Mathematics in grades 9-12 is a sequential, college preparatory program. It emphasizes the development of math concepts, as well as computational, problem solving, and critical thinking skills. Comprehensive and appropriately challenging, this curriculum is designed to provide students with the math background necessary for their future endeavors. Algebra I (CP) – This course is offered to students who have completed pre-algebra. Topics covered include variable expressions, linear and quadratic equations and inequalities, systems of linear equations, factoring polynomials, and simplifying radial and rational expressions. The interpretation and solution of verbal problems follows each topic. Students are introduced to graphing calculator technology. Algebra I (H) – This course is offered to students who have completed pre-algebra and display strong mathematical skills. Topics covered include variable expressions, linear and quadratic equations and inequalities, systems of linear and non-linear equations, factoring polynomials, and simplifying radical and rational expressions. The interpretation and solution of verbal problems is incorporated within each skill area. Inquiry-based learning and graphing calculator technology are both utilized in this course. Students are encouraged to develop precise and accurate habits of mathematical expression. Geometry (CP) –This course follows Algebra I. Postulates, theorems, definitions and algebraic properties are studied. Students are exposed to deductive reasoning and logical thinking as they examine proofs. Congruency, similarity, properties of polygons, right triangles, and circles are studied. Geometry (H) – This course follows Algebra I. Postulates, theorems, definitions, and algebraic properties are combined with deductive reasoning and logical thinking to develop proofs. Emphasized are the concepts of congruency and similarity, the properties of particular polygons, the right triangle, and the circle. Algebra II (CP) – This course is offered to students who have successfully completed Algebra I and Geometry. Coursework builds directly upon the topics and concepts introduced in Algebra I. Students explore a variety of solution strategies for solving systems of equations, as well as linear, quadratic, rational, radical, and exponential equations. Students are required to interpret and solve application problems in each of these contexts. A working knowledge of the graphing calculator will be developed. Algebra II (H) – This course covers similar topics to Algebra II CP. In addition, students at the Honors level are expected to delve more deeply into each concept. Application problems have increased focus at the Honors level. More emphasis is placed on independent problem solving and mathematical justification of each step in students work. Pre-Calculus (CP) – This course is offered to students who have completed Algebra I and II and Geometry and may follow Advanced Algebra. The concepts and skills developed in Algebra II are reviewed and expanded. Topics covered include conic sections, logarithmic and exponential functions, the trigonometric functions, and sequences series and probability. Pre-Calculus (H) – This course lays the foundation for calculus and is designed for the student who has a solid background in Algebra II and Geometry. The course is a more advanced study of algebra integrated with coordinate geometry and emphasizes linear and quadratic functions and their graphs, the conic sections, logarithmic and exponential functions, the trigonometric functions, the concept of vectors, the study of limits, sequences, series, and probability. The approach stresses the understanding and application of concepts. Advanced Algebra – This course is offered to students who have completed Algebra I, Geometry, and Algebra II, and who wish to maintain proficiency in algebra skills in preparation for college mathematics. Topics include exponents, factoring, equation solving, rational expressions, radicals, quadratic equations, graphs of functions, conic sections, and trigonometric concepts. Calculus – This course introduces limits, differentiation, and integration of functions. Students will find and evaluate finite and infinite limits graphically, numerically and analytically. They will find deriviatives using a variety of methods including the Chain Rule and Implicit Differentiation. They will use the First Derivative Test and the Second Derivative Test to analyze and sketch functions. AP Calculus (AB) – AP Calculus (AB) is a college-level mathematics course intended to be challenging and demanding. A strong performance in Pre-Calculus is a prerequisite. Topics include: functions, graphs, limits, derivatives and integrals. College credit may be awarded to those students who are successful on the national AP exam given in May. AP Statistics – This course is offered on-line for an additional fee. AP Statistics data analysis is dependent on the use of technology. Students should have access to computers that include software capable of doing data analysis and students will be required to interpret output generated by statistical software programs. Students are not expected to learn how to use various statistical programs. College credit may be awarded to those students who are successful on the national AP exam given in May. Click HERE for Math Course Sequence with Prerequisites.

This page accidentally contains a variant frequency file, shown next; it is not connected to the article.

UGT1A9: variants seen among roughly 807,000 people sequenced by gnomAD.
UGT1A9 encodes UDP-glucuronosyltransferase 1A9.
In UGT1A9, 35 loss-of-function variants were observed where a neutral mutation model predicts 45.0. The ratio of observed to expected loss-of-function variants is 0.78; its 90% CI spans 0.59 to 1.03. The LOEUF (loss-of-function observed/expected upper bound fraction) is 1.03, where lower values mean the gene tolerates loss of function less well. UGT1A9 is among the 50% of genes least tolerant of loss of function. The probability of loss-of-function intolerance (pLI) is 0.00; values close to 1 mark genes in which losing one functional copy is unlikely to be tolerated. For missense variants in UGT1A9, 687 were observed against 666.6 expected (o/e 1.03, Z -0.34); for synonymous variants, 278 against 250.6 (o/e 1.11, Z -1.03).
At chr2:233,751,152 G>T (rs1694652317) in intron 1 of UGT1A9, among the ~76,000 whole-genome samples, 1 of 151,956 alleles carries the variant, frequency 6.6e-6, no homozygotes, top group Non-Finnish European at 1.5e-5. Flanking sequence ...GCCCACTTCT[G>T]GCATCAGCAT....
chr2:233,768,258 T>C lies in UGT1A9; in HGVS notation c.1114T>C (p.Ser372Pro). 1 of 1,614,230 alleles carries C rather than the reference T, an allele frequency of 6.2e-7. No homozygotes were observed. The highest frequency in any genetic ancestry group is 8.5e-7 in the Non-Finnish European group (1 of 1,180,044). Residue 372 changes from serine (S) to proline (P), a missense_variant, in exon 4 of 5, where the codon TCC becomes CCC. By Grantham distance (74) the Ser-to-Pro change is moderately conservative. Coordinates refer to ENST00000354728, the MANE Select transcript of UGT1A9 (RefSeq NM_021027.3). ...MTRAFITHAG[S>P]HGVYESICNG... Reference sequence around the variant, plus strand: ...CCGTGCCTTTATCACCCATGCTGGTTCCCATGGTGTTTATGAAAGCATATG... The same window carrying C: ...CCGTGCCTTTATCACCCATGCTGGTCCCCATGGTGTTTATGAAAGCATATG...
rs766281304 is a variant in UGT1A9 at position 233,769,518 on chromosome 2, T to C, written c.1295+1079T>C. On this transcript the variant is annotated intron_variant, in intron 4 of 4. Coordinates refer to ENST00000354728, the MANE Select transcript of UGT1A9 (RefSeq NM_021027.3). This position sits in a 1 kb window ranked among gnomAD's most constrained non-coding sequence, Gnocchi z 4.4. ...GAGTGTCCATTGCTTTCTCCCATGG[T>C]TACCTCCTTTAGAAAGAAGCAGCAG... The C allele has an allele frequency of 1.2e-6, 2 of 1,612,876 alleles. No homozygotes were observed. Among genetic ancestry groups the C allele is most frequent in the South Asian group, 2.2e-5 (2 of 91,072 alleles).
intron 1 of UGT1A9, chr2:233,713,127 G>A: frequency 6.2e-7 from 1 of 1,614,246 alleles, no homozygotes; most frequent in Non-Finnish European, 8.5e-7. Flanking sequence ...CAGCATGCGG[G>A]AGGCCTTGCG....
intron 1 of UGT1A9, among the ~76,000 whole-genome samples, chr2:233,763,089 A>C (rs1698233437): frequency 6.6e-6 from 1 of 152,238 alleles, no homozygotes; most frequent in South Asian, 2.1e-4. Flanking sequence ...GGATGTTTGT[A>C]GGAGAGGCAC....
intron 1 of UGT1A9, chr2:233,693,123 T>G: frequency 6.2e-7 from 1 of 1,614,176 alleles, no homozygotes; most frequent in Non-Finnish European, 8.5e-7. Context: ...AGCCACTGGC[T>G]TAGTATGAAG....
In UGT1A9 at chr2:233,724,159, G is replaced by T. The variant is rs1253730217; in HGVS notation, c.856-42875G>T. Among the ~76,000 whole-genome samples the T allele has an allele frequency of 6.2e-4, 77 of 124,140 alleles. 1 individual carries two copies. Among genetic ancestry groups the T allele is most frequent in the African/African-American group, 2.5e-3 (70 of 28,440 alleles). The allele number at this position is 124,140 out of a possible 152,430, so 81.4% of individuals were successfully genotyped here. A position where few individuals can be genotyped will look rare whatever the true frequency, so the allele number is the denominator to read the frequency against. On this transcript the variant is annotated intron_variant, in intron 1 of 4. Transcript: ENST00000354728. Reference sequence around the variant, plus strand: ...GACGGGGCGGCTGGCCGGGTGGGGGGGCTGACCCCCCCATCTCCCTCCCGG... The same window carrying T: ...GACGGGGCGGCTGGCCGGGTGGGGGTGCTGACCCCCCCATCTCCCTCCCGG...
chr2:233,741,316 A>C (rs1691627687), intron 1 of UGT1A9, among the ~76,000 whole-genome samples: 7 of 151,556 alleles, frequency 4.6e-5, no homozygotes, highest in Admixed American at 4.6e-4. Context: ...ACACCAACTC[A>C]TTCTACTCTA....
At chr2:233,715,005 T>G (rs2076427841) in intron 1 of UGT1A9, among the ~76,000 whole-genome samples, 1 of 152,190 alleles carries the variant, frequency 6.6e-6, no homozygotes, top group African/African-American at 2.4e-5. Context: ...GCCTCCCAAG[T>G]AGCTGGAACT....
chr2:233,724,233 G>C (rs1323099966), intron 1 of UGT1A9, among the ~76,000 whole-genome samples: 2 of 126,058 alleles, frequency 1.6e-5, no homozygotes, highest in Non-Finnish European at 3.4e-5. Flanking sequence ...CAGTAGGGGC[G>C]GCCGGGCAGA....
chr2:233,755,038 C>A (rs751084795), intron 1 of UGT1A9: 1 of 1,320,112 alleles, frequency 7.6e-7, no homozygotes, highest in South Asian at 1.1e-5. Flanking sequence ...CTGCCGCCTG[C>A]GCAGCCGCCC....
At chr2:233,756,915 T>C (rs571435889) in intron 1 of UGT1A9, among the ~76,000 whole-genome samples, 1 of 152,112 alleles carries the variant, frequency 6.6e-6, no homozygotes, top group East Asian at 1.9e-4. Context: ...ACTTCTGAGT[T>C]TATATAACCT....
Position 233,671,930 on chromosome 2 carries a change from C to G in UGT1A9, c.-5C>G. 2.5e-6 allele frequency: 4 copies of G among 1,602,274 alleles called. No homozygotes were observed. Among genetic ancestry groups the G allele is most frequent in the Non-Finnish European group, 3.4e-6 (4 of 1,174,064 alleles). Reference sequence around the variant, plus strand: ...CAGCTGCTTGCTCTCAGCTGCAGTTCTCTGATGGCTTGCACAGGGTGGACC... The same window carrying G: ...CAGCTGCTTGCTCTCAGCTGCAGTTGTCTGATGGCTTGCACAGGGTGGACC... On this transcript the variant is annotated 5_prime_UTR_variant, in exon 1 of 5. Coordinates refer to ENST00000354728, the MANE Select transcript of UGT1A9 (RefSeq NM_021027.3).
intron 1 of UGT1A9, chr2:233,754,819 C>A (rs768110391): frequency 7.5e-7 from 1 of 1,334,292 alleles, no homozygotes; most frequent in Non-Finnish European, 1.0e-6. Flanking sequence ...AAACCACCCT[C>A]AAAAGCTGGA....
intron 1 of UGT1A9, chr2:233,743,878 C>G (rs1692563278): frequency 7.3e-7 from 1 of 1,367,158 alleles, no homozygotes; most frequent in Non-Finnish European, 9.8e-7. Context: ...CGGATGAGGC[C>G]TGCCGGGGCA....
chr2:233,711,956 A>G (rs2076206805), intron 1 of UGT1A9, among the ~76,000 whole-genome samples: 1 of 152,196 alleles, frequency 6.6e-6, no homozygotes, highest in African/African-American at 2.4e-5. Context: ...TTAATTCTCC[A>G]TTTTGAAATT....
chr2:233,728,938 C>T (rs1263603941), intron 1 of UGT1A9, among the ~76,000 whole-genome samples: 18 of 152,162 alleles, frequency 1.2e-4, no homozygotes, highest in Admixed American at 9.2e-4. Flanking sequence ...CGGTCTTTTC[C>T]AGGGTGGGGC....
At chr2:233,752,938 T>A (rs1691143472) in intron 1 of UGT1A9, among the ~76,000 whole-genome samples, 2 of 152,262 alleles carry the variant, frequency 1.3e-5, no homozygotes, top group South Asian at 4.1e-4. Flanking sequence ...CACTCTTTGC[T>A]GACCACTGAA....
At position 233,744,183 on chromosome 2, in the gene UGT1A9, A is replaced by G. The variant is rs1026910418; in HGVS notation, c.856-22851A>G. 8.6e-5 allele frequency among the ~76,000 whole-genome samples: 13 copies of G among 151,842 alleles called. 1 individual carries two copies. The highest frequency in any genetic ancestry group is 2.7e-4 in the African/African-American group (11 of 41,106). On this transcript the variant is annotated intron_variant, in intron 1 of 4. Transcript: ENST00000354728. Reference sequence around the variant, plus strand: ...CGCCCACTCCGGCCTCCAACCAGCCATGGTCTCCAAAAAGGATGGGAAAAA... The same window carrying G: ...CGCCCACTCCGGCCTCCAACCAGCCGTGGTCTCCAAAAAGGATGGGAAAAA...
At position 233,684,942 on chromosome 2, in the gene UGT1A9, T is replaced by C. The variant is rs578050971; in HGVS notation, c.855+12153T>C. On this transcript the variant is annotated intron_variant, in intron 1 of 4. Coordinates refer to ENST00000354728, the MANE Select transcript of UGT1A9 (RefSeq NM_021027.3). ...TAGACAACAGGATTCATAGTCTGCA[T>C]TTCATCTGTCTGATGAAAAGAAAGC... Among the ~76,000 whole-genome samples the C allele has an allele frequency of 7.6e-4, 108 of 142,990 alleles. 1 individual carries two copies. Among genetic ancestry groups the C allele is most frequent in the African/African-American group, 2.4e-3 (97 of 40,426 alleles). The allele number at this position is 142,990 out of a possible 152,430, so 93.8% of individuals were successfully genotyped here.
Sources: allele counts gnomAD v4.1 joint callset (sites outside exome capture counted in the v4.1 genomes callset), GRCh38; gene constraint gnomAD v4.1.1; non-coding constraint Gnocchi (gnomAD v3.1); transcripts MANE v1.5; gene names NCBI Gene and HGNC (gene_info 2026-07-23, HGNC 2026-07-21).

In grades 9 – 12, the science curriculum is incorporated into every level as a sequential, college preparatory program. It is the goal of this department to: (1) provide learning experiences which stress the importance of logical, qualitative, and quantitative thinking; (2) emphasize critical observation and analysis; and (3) promote a meaningful awareness of our environment. Laboratory activities and field investigations are designed to apply the scientific method in solving problems. A wide variety of opportunities encourages students to investigate and explore natural phenomena through independent and collective research. Biology (CP) – This laboratory course is designed to cover units on biochemistry, cell structure and function, genetics, evolution, classification, microorganisms, plants, invertebrates, vertebrates, human biology, and ecology. An emphasis is placed on human body systems. Lab and class activities are designed to involve students in the learning process, emphasizing critical thinking and analysis. Biology (H) – Honors biology is similar to Biology (CP), but will include additional topics, move at a more rapid pace, and will cover each topic in more depth. Prerequisites: 85 or higher in Algebra I (90 or higher in Pre-Algebra), and 85 or higher in Physical Science. AP Biology – This course covers the first year college biology curriculum and prepares students to take the CEEB AP Biology examination. Students are expected to take the AP exam in May. Emphasis is placed on developing the conceptual framework, knowledge and analytical skills necessary to understand the modern field of biology. The curriculum includes the study of molecular, cellular, organismal and ecological biology. All topics are supplemented with student laboratories that are completed during a full lab period scheduled each week in addition to the five regular class periods, as well as a weekend field trip to the coast in the spring. Students who elect to take this course should be successful independent learners. Chemistry (CP) – This course presents an investigation of the structure and composition of matter, as well as the changes that occur within matter. Topics include measurement, atoms, the periodic law, bonding, chemical compounds and reactions, stoichiometry, gas laws, solutions, and nuclear chemistry. Laboratory activities serve to reinforce and amplify each major concept. Chemistry (H) – This course provides a comprehensive exposure to a wide variety of general chemistry topics. The pace is faster than in the college preparatory course; more topics will be covered and in more depth. Through laboratory experiments, each student will manipulate various types of equipment and chemicals. Data will be collected and analyzed mathematically. Students will be responsible for learning some concepts independently. AP Chemistry – This course covers the standard first-year college chemistry curriculum and prepares students for the CEEB AP Chemistry examination. Students are expected to take the AP exam in May. The syllabus includes a more sophisticated treatment of many of the topics students learned in Chemistry Honors, along with additional topics. The textbooks used for AP Chemistry are those used by college chemistry majors. All topics are supplemented with student laboratories that are completed during a full lab period scheduled each week in addition to the five regular class periods. Students enrolling in this course should be successful independent learners. Prerequisites: 85 or higher in Chemistry (H), Geometry and Algebra II. Anatomy & Physiology – This laboratory course is offered as an elective for juniors or seniors. The course is designed to cover the structure of the human body (anatomy) and its functions (physiology). The course will attempt to help students understand the chemical and physical relationships of the human body. Prerequisite: Biology and Chemistry. Astronomy – This full year course consists of the study of various celestial objects and their movements. One area is the study of the solar system (the night sky, the Copernican Revolution, the planets, how solar systems form, and the search for extraterrestrial life). Another area of study is stellar and galactic astronomy (radiation, spectroscopy, how stars form, star life and death, supernovas, neutron stars & black holes, cosmology and the early universe). Physics (CP) – Fundamental concepts of force, motion, energy, thermodynamics, waves, electricity and magnetism are explored. A conceptual understanding of physics is emphasized. All topics are supplemented with student laboratories. There is less emphasis on mathematical problem-solving in this course than in the honors-level course, and the pace is slightly slower. Physics (H) – Like the college prep course, Honors Physics provides an introduction to forces, motion, energy, thermodynamics, waves, electricity and magnetism. It is a mathematically based course emphasizing numerical problem-solving and laboratory experimentation. The pace is faster than in the college preparatory course; more topics will be covered and in more depth. AP Physics C: Mechanics and Electricity & Magnetism – This course covers the first year of calculus-based college physics and prepares students to take the CEEB AP Physics C: examinations: Mechanics and Electricity & Magnetism. Students are expected to take the AP exams in May. The course utilizes guided inquiry and student centered learning to foster the development of critical thinking skills. It expands upon material introduced in Physics(H), as well as introducing additional topics. Introductory differential and integral calculus are used throughout the course. (This course is offered based on student interest). Click HERE for Science Course Sequence with Prerequisites.